Misogynistic or Empowering: Digging Deep into “The Final Girls” — a meta-slasher that is so much more than a meta-slasher.
The Final Girls, if I may insert my opinion is one of the cleverest meta-slashers that I have seen in a long time. Director Todd Strauss-Schulson sticks a group of “real” kids, who fit all the usual slasher stereotypes, in a “fictional” movie that, of course, has its own group of slasher stereotypes.
Then there is the conflict Max and her friends face on whether to warn the fictional characters or let the movie play out and just watch. And of course, there’s the real question: who is going to be the Final Girl?
Teenager Max (Taissa Farmiga) reluctantly attends a screening of a cheesy 80s slasher movie that starred her late mother (Malin Akerman) with her friends. When an accident causes the movie theater to catch on fire, Max and her friends are sucked into the silver screen and become trapped in the film, Camp Bloodbath. Max has to find a way to help get her friends back to real-life while also finding closure with the help of the movie version of her mother.
The Final Girl is still such a fascinating topic to explore, especially nowadays where the survivor doesn’t have to be a virgin or even a girl. And yet horror fans go back and forth over whether the concept of the Final Girl – in the traditional sense anyway – is empowering or misogynistic.
Frankly, I think it’s a little of both, but Strauss-Schulson does the Final Girl a solid by making all of the main female characters so complex.
We have Vicki (Nina Dobrev) who is your typical mean girl, but she’s also a badass in her own right and used to be friends with Max. Then we have Gertie (Alia Shawkat) who is a nerdy, quirky girl who, much to Max’s surprise is not actually a virgin. Nancy, the movie version of Amanda, Max’s mom, starts out as a virgin who has a crush on Kurt (Adam Devine) and just wants her first time to be special. It’s this little tidbit that makes Nancy such a refreshing female horror movie character, she’s normal – sad that a normal female character is refreshing, right?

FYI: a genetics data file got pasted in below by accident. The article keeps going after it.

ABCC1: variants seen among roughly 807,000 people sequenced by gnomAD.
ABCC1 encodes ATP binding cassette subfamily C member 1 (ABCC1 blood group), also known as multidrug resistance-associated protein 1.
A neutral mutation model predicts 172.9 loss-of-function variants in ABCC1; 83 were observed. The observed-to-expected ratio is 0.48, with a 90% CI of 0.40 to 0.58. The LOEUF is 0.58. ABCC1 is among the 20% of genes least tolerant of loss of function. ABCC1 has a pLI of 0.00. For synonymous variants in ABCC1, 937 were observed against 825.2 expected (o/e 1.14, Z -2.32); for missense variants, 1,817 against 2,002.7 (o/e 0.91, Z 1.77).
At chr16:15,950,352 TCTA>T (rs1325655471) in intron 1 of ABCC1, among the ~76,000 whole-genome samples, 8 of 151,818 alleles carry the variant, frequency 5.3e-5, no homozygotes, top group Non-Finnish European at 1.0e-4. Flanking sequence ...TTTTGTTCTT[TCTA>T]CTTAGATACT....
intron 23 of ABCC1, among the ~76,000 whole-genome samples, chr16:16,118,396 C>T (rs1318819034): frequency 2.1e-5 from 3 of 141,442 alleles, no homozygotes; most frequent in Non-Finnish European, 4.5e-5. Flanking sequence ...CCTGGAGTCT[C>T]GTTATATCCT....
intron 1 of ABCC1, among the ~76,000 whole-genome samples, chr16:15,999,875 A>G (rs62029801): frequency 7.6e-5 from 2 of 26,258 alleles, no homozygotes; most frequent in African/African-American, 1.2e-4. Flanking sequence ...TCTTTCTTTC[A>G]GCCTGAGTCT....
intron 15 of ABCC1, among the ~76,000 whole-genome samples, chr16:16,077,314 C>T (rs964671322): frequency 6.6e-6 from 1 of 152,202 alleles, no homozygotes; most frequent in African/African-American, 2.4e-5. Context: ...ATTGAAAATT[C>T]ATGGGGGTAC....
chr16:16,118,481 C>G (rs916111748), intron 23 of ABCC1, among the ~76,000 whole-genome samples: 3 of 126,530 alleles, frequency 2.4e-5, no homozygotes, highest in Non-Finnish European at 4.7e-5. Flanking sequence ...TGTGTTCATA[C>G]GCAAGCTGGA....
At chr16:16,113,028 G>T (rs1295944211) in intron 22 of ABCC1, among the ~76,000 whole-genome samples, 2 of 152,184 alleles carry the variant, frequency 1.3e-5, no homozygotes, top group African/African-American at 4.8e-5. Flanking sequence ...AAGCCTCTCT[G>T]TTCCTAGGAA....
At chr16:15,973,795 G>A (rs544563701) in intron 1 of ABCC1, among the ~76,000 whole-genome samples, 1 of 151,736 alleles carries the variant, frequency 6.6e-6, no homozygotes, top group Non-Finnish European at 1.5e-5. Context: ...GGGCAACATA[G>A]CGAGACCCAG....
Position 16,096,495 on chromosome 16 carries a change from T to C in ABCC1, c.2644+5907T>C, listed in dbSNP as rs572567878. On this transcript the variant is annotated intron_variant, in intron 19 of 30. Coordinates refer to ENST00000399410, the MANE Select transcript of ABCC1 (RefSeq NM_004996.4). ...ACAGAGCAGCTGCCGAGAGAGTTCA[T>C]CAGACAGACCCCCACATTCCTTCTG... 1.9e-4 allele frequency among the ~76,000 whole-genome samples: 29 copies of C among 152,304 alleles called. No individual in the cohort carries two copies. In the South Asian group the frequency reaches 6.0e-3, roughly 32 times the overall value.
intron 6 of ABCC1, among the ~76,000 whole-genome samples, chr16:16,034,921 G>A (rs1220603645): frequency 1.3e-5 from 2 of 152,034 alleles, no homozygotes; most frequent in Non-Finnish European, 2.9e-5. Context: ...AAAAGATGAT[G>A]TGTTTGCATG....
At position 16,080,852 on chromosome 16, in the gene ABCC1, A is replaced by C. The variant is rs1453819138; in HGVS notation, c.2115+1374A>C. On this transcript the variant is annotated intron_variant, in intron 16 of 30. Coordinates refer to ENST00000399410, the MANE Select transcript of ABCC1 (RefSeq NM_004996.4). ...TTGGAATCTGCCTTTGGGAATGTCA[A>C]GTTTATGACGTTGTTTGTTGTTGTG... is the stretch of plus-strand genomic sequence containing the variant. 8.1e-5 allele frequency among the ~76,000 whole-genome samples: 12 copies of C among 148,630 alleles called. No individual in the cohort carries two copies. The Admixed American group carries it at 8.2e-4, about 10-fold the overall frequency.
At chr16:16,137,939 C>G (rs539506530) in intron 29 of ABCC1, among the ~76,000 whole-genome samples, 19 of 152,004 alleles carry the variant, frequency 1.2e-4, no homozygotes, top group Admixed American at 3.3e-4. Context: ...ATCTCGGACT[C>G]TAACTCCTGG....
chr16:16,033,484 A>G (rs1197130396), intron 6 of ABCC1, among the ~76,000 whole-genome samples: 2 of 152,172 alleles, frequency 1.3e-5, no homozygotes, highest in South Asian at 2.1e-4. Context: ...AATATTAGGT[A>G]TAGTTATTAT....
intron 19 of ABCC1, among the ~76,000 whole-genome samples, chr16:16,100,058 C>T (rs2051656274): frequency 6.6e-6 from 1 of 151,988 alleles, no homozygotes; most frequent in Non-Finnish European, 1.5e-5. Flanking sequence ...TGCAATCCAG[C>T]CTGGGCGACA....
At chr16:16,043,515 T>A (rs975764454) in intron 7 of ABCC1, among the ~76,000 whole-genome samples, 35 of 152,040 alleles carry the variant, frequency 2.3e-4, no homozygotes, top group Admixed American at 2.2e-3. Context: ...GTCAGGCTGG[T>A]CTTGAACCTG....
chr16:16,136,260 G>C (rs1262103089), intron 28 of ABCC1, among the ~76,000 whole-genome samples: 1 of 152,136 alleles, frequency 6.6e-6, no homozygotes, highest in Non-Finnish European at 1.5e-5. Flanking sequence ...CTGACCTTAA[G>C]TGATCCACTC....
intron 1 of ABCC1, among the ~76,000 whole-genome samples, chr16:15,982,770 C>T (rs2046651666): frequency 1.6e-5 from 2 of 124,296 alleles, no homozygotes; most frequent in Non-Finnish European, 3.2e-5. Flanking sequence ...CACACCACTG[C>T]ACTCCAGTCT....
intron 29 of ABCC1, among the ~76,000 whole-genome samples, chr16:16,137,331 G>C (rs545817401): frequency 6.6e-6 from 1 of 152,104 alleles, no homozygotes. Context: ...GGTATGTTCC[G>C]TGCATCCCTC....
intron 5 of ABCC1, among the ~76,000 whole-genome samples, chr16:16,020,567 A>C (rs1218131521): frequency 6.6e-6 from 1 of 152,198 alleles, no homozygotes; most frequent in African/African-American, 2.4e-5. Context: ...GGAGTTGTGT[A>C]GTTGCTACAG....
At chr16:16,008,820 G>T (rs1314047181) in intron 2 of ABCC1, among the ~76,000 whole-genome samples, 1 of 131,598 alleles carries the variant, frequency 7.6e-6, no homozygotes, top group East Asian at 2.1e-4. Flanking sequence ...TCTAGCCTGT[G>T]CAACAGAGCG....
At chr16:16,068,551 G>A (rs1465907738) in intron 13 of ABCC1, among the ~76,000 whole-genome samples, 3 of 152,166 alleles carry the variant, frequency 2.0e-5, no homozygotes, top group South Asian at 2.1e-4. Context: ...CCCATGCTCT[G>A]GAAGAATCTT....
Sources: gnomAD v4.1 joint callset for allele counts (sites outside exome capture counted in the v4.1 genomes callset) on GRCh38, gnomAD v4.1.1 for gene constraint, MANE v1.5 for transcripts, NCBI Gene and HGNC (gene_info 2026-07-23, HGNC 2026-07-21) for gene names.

Nancy, like a lot of girls, has it ingrained in her brain that being a virgin isn’t “cool,” and it takes Max, who takes on a parent role, funnily enough, to teach her otherwise. Lately, I feel like the Final Girl is either the typical virginal character, or the complete opposite, and Nancy is a nice middle ground to those extremes — and one I’d like to see more in the horror genre.
There is a point where Max is singled out as the only virgin left. It’s interesting because there aren’t really moments like this in other slasher movies (because most aren’t this self-aware), where every character says in so many words if they are a virgin or not. While the singling out of the virgin isn’t a new concept, I thought the most interesting part of the scene was Vicki making a big deal about how she is a virgin, when Chris (Alexander Ludwig) calls her out on it.
In this day and age, most people are very aware of slut-shaming, but here we have this movie where females are coveting the virgin role because in a slasher movie. “virgin” is synonymous with “Final Girl” which is synonymous with “Badass of the Movie.” Not only that, but Max gives up the role to Nancy, as she becomes a bit obsessed with saving her mom, knowing full well it won’t bring her real mom back.
And this all brings us to my favorite thing about The Final Girls, the fact that the movie is more than a meta-slasher, it’s a touching story about a daughter who loses her mom.
A lot of slashers make it a point to be pretty much devoid of adults and focus on the teens, so there can be lots of romance and sex scenes. Don’t get me wrong, there is still some romance between Max and Chris, but it’s very light and comes almost as an afterthought to the rest of the movie. Usually, in a slasher film, the virgin/Final Girl character has a boyfriend or love interest, and that relationship takes up a lot of the movie; that doesn’t happen here.
To conclude what was supposed to be an analysis of ‘The Final Girls’ (let’s be honest, this is a full-on love letter), this movie manages to embrace both sides of the Final Girl. By following the slasher paradigm, pushing the virgin Final Girl thing is kind of tired and misogynistic; but then we have these amazing characters and a heart-wrenching mother-daughter relationship that elevates this movie from it’s peers.
I’m sad to say that there aren’t many other films like The Final Girls out there right now, but I hope to see so much more of this in the future.